These books got me interested the social history of post-independence Algeria and mechanisms of adaptation and resistance to the new order. By focusing on oral histories of women who were veterans of the Algerian War, I hoped to challenge the enduring perception that the status and roles of women in the Arab and Muslim world boils down to a battle between ‘tradition’ and ‘modernity’. Lila Abu-Lughod cogently critiques this simplification in Remaking Women: Feminism and Modernity in the Middle East, arguing that post-colonial projects with women as their object should not be seen as part of a trajectory moving from patriarchy to liberation (or vice versa) but instead placed ‘squarely within the messy situations of state building, anti-colonial nationalism, changing social orders, and the emergence of new classes.’

I find myself using this quotation a lot, but there are relatively few publications on the post-independence history of Algeria to help us understand such ‘messy situations’. This is for a variety of reasons. Within Algeria, post-independence history is a sensitive issue as it cannot be easily worked into a politically expedient narrative of heroes and villains in the way that the anti-colonial struggle can. For scholars not working under such political constraints, there remains the tendency to write Algerian post-independence history from a Franco-Algerian perspective using the language of trauma and repressed memory rather than focus on Algero-Algerian or international aspects of the past 50 years. There is also a shortage of archival sources. In this context, James McDougall’s History and Culture of Nationalism in Algeria was pathbreaking. He examines how the ‘ulama’ – Muslim theologians who developed an important strand of cultural nationalism in the 1930s – continued to ensure the endurance of their ideas in the post-1962 period through their mastery of a language of ‘national culture’ in which Islam occupied a predominant place. McDougall thus writes a history of 1960s and 1970s Algeria which is very different from that provided by Italian Marxist and Third Wordlist sympathiser Gillo Pontecorvo in his brilliant 1966 film The Battle of Algiers.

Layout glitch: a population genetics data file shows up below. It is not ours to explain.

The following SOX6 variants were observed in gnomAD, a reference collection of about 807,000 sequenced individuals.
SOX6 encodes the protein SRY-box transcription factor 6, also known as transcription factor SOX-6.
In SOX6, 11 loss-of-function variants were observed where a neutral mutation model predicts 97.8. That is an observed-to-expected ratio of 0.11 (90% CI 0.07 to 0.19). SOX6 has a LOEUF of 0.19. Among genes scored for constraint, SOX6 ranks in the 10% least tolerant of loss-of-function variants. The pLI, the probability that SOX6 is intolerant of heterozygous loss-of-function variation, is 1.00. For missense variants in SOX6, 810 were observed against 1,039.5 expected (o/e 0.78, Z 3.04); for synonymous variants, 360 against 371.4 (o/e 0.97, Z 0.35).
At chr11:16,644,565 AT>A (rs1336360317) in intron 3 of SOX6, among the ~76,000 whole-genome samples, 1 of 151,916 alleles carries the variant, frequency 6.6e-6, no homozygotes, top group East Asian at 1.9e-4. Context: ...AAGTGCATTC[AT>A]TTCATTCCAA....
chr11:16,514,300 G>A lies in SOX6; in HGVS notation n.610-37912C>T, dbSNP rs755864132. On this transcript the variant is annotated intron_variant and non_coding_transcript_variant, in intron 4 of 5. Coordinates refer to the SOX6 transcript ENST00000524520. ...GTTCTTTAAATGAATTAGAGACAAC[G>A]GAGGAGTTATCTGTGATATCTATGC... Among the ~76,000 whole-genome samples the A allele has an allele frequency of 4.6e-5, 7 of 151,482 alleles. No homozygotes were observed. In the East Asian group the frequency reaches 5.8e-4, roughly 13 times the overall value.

To return to James C. Scott, in order to understand contemporary Algerian society – notably how those without power relate to those who have power, and tensions between different generations, regions, social groups and genders – I would recommend some comedy. Merzak Allouache’s 1976 film Omar Gatlato unflinchingly deconstructs Algerian masculinity and remains relevant today. Cartoonist Ali Dilem’s razor-sharp sketches critique corruption, poverty, ‘bearded men’ and the army generals who rule from the shadows. Fellag’s stand up routine Djurdjurassique Bled is an irreverent history of Algeria from the dinosaurs to the present day.

Fellag is pretty fun to watch and read ‘for work purposes’, but if I really want to switch off I’ll turn to any kind of fiction. That said, a non-fiction book that I was recently gripped by, devouring its 614 pages in the course of a weekend, was Carmen Callil’s biography of Vichy collaborator and shameless opportunist Louis Darquier de Pellepoix, Bad Faith. It is a brilliant piece of scholarship as well as unputdownable – it is also, of course, a case study.


Natalya Vince is Senior Lecturer in North African and French Studies at the University of Portsmouth. She has a particular interest in oral history and gender studies and currently holds an Arts and Humanities Research Council (AHRC) Early Career Fellowship, awarded to complete a monograph on gender, nation and memory in post-independence Algeria.